Deere has been ahead in many ways (look at revenue growth, margins, stock price etc) compared to their biggest competitors and because of their foresight to dive head first into technology they have actually positioned themselves to move even more meaningfully ahead because it will in fact speed up their flywheel and the opportunities in their business.
I didn’t even get to touch on everything from John Deere, which I think illustrates just how much is going on at Deere and what to expect in the coming 5 - 7 years from John Deere, which is exciting for farmers and the industry overall.
There will be lots to watch in how Deere executes, how their main competitors react and how companies like crop input manufacturers take action.
Note: I didn’t touch on their electrification strategy, but it is very consistent with what I wrote on the electric tractors at the end of last year surrounding an emphasis in the small tractor market - for specifics, highly recommend watching the event link.
Resources and Other John Deere Reading:
Matt Coutts - Deere: Centuries of Farming Innovation - Business Breakdowns (*must listen)
John Deere Business Breakdowns Research - Business Breakdowns
John Deere 2021 Annual Report + See and Spray Ultimate Breakdown - Upstream Ag Insights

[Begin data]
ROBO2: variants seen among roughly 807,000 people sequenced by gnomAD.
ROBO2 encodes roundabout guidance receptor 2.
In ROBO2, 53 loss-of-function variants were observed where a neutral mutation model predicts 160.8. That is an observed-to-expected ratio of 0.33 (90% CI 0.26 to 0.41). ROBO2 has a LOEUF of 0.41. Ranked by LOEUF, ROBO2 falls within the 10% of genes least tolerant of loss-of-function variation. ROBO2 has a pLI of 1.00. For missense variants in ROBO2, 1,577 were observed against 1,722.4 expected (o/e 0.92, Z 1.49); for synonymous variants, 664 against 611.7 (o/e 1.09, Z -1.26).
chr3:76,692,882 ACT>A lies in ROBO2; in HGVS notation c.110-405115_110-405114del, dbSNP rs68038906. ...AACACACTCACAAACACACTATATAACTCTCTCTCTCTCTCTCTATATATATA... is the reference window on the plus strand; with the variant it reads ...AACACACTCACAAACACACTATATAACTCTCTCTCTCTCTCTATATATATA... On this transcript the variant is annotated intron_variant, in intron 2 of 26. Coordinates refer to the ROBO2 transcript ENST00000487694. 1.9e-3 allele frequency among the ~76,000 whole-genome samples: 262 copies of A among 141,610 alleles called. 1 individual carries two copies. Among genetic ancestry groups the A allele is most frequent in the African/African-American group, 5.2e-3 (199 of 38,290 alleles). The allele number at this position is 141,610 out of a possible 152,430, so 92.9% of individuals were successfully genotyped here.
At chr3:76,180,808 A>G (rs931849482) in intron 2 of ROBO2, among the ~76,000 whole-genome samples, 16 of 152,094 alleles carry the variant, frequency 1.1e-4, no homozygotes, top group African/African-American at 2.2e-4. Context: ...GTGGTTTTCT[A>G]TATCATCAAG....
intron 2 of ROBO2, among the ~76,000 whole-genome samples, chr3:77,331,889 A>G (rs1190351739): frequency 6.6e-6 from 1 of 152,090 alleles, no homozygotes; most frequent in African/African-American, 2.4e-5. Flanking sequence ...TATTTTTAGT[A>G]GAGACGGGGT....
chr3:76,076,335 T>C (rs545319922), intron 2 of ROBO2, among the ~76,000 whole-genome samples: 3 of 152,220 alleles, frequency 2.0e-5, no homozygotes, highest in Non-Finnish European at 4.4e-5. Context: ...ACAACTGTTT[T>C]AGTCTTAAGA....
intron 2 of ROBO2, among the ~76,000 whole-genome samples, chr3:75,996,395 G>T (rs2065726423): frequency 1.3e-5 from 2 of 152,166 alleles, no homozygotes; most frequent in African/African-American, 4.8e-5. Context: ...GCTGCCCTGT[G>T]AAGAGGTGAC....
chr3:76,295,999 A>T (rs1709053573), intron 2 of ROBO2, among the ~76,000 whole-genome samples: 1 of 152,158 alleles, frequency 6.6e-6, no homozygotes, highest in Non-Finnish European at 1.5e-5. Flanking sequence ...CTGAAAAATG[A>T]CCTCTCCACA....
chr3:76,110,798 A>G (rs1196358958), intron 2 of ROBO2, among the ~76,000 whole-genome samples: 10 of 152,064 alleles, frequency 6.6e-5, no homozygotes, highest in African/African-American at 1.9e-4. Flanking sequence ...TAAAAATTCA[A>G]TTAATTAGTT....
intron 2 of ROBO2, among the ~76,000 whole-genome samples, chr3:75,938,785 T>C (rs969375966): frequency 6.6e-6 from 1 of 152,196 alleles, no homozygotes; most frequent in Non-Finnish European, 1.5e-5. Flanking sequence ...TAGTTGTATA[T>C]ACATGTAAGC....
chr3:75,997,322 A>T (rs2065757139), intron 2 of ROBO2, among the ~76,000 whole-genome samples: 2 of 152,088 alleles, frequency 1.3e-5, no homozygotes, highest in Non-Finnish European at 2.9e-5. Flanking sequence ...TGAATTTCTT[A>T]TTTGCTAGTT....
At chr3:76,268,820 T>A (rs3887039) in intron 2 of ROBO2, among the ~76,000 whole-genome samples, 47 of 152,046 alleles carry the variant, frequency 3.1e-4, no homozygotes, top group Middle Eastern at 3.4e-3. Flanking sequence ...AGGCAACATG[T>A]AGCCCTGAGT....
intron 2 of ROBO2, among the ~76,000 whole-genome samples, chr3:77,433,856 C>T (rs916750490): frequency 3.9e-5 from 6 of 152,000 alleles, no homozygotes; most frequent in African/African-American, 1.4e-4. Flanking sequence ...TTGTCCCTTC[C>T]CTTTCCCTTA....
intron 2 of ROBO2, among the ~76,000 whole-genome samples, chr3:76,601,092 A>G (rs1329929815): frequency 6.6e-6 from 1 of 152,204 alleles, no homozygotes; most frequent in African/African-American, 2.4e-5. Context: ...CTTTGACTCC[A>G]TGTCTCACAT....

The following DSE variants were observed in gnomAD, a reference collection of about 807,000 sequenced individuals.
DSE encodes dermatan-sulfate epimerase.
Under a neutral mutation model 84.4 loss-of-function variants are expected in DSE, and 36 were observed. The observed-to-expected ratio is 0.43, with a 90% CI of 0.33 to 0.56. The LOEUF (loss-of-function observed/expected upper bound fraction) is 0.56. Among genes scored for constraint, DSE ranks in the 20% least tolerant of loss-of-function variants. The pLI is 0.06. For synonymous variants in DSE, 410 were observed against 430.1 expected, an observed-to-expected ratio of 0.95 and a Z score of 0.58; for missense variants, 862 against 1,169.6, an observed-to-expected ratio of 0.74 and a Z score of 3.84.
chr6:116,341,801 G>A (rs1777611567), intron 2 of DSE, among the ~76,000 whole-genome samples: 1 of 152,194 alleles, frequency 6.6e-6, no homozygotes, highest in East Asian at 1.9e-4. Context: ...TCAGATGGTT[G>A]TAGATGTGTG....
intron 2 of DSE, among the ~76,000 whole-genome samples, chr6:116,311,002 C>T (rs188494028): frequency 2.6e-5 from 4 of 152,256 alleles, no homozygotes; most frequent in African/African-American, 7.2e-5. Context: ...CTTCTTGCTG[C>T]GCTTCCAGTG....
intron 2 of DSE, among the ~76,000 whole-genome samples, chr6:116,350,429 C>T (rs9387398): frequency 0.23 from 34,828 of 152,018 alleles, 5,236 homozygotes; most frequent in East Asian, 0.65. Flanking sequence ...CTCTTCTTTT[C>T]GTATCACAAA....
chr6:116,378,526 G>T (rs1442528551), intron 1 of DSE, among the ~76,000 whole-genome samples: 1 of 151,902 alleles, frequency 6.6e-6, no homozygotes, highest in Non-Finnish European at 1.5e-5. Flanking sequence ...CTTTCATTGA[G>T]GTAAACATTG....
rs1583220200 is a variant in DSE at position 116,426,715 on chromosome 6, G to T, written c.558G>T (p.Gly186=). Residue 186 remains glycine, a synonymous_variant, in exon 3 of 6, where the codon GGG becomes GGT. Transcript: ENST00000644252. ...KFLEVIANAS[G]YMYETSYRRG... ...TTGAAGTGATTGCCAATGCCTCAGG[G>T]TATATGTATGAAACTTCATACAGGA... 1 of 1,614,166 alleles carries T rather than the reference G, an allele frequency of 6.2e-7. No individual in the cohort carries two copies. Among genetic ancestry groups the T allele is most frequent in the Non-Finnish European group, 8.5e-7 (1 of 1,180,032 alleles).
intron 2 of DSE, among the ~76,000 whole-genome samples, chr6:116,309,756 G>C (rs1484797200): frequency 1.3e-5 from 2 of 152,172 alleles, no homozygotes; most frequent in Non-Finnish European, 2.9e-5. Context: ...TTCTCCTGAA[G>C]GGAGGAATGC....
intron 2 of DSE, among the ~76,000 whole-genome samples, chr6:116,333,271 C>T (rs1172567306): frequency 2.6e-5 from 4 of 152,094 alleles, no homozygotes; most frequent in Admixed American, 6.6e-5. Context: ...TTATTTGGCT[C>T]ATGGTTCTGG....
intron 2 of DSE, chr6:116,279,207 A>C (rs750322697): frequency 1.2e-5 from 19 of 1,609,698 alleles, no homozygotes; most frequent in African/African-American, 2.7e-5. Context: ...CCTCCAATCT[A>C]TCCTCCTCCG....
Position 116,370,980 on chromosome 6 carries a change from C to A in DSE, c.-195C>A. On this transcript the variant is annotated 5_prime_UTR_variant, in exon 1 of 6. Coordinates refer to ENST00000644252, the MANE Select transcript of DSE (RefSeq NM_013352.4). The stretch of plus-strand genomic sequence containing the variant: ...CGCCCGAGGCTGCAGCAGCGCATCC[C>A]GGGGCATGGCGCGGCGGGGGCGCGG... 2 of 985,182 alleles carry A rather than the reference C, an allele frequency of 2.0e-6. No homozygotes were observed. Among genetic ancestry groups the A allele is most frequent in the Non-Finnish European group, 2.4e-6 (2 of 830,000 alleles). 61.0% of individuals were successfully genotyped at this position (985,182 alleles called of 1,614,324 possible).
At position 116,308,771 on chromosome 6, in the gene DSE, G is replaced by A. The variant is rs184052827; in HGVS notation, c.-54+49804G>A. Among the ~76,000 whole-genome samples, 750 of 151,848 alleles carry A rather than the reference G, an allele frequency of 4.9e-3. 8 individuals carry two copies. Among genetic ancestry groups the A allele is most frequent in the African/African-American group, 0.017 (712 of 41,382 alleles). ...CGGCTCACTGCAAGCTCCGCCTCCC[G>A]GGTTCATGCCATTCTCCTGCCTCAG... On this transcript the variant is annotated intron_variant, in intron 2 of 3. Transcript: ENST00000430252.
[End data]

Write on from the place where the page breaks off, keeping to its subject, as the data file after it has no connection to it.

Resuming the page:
2020 John Deere Annual Report Highlights and Analysis - Upstream Ag Insights
Developing Competitive Differentiation - Upstream Ag Insights
See and Spray Technology Implications for Agribusiness - Upstream Ag Insights
John Deere See & Spray Select - Sprayers 101
Optical Spot Spraying and AI Scouting - Sprayers 101
Electric Tractors and Wrights Law - Upstream Ag Insights
Autonomous Farming: The Future Comes Faster than You Think - Upstream Ag Insights
Upstream Ag Insights - May 22nd 2022 (Deere Business Model discussion)
Upstream Ag Insights - January 9th 2022 (Deere Autonomy Launch)
I love how ditailed this article is. Found this article on benefits of digital twins - https://www.visartech.com/blog/digital-twin-solution-development-guide/ Just wanted to ask if you know how exactly they are intending to use the technology?